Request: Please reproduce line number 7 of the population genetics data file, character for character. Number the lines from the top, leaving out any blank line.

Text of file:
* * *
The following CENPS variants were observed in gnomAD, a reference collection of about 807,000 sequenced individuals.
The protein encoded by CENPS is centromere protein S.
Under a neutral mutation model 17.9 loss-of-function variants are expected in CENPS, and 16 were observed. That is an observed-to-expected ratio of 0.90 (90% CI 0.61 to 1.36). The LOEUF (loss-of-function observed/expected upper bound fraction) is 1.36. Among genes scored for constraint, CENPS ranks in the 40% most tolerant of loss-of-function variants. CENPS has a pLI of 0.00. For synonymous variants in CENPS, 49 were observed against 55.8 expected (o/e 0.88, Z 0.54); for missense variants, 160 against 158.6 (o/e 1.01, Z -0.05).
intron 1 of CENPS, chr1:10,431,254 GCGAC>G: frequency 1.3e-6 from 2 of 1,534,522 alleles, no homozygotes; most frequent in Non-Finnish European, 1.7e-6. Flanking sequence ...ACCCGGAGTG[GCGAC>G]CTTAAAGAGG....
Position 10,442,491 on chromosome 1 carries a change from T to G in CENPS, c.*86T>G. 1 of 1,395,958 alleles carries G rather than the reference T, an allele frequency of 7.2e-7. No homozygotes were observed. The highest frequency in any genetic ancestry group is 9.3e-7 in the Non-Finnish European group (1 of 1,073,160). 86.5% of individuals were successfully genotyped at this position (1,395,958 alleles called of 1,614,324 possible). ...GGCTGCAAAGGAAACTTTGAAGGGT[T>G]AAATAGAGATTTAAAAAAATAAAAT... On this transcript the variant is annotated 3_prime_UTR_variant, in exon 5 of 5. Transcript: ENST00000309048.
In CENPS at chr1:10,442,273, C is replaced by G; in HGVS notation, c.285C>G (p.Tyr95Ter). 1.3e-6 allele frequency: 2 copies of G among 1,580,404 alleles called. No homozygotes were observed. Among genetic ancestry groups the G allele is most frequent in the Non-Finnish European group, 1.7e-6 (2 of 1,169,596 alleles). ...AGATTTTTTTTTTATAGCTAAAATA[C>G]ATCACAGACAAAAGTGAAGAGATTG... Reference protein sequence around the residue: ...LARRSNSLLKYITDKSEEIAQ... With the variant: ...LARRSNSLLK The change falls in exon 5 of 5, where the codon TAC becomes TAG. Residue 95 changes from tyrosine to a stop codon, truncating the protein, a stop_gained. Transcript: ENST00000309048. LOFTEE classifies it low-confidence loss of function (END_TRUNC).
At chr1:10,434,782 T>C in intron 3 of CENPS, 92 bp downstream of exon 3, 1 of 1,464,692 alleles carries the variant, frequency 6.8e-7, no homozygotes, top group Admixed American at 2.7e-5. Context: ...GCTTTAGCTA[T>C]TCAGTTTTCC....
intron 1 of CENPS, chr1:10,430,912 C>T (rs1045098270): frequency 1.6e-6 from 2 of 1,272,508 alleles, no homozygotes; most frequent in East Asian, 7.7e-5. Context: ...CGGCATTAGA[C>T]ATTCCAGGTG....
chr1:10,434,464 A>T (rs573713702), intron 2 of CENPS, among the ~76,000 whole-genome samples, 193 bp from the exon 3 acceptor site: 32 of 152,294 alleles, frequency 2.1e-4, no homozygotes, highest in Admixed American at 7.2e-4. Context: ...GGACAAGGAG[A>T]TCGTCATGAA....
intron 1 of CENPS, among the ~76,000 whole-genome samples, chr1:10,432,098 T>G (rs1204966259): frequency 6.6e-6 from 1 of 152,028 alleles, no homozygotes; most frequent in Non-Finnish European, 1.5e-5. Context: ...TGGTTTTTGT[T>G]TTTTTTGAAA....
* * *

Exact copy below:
At chr1:10,434,782 T>C in intron 3 of CENPS, 92 bp downstream of exon 3, 1 of 1,464,692 alleles carries the variant, frequency 6.8e-7, no homozygotes, top group Admixed American at 2.7e-5. Context: ...GCTTTAGCTA[T>C]TCAGTTTTCC....